After having brake issues all night Dale Earnhardt Jr. collides with Danica Patrick sending her car for a spin at Kentucky Speedway.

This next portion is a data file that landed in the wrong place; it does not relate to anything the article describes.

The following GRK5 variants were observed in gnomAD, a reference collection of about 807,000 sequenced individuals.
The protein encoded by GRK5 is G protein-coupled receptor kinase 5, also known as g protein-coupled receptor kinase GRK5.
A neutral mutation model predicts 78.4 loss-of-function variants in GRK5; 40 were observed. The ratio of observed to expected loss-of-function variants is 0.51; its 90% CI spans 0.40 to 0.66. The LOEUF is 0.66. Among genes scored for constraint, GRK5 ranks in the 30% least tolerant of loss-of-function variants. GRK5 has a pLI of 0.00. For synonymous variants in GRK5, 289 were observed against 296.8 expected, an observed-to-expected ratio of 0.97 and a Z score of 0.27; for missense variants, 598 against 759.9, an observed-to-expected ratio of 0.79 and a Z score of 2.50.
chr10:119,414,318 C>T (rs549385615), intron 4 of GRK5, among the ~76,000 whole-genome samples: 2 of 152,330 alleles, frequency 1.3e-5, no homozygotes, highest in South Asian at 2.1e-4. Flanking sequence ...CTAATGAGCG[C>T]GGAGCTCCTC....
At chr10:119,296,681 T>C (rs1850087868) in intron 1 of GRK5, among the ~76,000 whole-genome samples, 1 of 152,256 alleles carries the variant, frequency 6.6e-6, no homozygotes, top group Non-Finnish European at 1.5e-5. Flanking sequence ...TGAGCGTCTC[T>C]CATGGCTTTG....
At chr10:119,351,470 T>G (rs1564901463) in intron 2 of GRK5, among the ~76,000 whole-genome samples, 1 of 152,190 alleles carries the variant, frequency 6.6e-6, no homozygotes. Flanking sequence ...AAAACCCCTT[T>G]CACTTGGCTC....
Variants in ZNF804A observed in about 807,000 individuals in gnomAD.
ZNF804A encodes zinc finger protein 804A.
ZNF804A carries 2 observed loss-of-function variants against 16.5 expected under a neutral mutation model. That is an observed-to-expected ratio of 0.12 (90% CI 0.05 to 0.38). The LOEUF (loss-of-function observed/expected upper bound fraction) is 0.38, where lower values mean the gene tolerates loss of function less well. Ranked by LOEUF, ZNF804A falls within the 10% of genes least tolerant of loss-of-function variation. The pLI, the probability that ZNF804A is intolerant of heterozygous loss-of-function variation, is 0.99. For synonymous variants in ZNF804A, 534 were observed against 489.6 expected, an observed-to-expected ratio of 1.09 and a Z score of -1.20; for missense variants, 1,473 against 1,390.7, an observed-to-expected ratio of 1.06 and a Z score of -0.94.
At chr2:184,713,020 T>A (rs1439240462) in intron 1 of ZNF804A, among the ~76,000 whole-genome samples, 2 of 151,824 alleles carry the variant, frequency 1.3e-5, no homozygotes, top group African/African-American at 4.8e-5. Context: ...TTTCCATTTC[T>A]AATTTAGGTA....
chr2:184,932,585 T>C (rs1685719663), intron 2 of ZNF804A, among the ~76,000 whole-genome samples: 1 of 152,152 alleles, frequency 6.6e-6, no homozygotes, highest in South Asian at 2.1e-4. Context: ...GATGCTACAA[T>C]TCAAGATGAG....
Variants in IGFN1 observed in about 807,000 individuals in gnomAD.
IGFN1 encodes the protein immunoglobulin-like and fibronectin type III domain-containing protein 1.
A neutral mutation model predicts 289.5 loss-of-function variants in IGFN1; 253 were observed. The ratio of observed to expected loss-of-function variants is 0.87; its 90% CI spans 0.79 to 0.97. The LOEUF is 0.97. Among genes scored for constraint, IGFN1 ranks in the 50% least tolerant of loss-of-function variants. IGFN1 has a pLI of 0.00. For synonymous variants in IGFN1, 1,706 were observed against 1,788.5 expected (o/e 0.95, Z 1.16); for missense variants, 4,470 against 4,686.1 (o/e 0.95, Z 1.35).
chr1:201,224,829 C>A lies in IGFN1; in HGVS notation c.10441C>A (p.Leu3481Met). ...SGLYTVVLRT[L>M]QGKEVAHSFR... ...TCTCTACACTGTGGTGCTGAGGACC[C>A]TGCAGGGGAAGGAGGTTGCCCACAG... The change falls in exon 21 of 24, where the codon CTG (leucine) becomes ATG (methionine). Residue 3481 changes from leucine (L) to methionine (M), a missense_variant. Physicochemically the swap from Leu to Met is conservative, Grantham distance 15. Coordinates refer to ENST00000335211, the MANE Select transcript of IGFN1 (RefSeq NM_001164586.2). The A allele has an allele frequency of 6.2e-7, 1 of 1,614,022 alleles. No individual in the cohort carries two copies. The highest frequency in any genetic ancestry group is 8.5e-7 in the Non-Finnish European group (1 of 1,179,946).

Earnhardt : 'Dad loved this place; I'm still at peace with this place' RELATED: #TBT to NBC's first broadcast, Dale Jr.'s first Daytona win On NBC's pre-race show, Steve Letarte visited Dale Earnhardt Jr . to watch his emotional Daytona win in July of 2001, which marked the first time that he returned to the track since his father's tragic death five months prior. Dale Earnhardt Jr . on returning to Daytona after the crash that killed his father: "I could tell my buddies were like, 'Man, what's going on? How is it going to be? What's the deal?' So, as soon as we got there, we drove around to Turns 3 and 4, right where dad hit the wall and lost his life. And, we stopped, and everybody got out and I just walked around a little bit by myself. I just spent some time there seeing how I would feel. I didn't want to fall apart in front of all of my guys and everybody in the race and the garage. It was good. I was like, 'Man, dad loved this place and I'm still at peace with this place. I still love being here and looking forward to racing here many more years." Steve Letarte: "Have you ever gone back and relived or re-watched that race in July [that you won]?" Earnhardt Jr.: "Oh yeah, tons of times." Earnhardt Jr. on his Daytona win: "I was wide open the whole time. Panicking. How many laps are left? Are we going to have enough laps left? Just full-throttle panicking." Earnhardt Jr.: "I think that win right there made the whole company feel like they could move on and that things were going to be alright. We could be a strong team… you just don't see victory celebrations like this every week. It was special." Earnhardt Jr. while watching his first interview after his win: "[Laughs] I sound like an idiot. Once you drive in there and you get out of the car, and you're in Victory Lane, I think the emotion and everything sort of sucks me in." Earnhardt Jr.: "I know that a lot of people took pleasure in how that worked out. And if they couldn't have won the race, I heard that 100 times in the garage the next day. 'If I couldn't have won that race, man, I wouldn't have wanted it any other way." FULL SERIES COVERAGE • Latest news • Standings • Schedule